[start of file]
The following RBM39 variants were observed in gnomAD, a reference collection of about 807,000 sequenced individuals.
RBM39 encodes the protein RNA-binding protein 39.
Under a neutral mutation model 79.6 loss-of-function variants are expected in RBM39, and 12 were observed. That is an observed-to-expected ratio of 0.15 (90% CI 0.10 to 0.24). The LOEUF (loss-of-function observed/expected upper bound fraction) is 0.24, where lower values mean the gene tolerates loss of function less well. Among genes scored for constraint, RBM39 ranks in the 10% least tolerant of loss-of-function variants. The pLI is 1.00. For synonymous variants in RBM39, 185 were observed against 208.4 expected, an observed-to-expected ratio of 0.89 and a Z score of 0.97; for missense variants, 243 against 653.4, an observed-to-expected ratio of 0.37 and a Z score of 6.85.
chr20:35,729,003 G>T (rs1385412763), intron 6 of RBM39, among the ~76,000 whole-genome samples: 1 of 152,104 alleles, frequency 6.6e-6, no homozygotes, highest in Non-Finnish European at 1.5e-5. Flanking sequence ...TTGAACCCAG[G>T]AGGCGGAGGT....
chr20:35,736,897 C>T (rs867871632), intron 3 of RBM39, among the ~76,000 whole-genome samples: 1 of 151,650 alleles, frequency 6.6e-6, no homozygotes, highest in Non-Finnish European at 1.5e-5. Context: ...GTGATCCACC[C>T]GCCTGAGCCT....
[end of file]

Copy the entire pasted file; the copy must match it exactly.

The following RBM39 variants were observed in gnomAD, a reference collection of about 807,000 sequenced individuals.
RBM39 encodes the protein RNA-binding protein 39.
Under a neutral mutation model 79.6 loss-of-function variants are expected in RBM39, and 12 were observed. That is an observed-to-expected ratio of 0.15 (90% CI 0.10 to 0.24). The LOEUF (loss-of-function observed/expected upper bound fraction) is 0.24, where lower values mean the gene tolerates loss of function less well. Among genes scored for constraint, RBM39 ranks in the 10% least tolerant of loss-of-function variants. The pLI is 1.00. For synonymous variants in RBM39, 185 were observed against 208.4 expected, an observed-to-expected ratio of 0.89 and a Z score of 0.97; for missense variants, 243 against 653.4, an observed-to-expected ratio of 0.37 and a Z score of 6.85.
chr20:35,729,003 G>T (rs1385412763), intron 6 of RBM39, among the ~76,000 whole-genome samples: 1 of 152,104 alleles, frequency 6.6e-6, no homozygotes, highest in Non-Finnish European at 1.5e-5. Flanking sequence ...TTGAACCCAG[G>T]AGGCGGAGGT....
chr20:35,736,897 C>T (rs867871632), intron 3 of RBM39, among the ~76,000 whole-genome samples: 1 of 151,650 alleles, frequency 6.6e-6, no homozygotes, highest in Non-Finnish European at 1.5e-5. Context: ...GTGATCCACC[C>T]GCCTGAGCCT....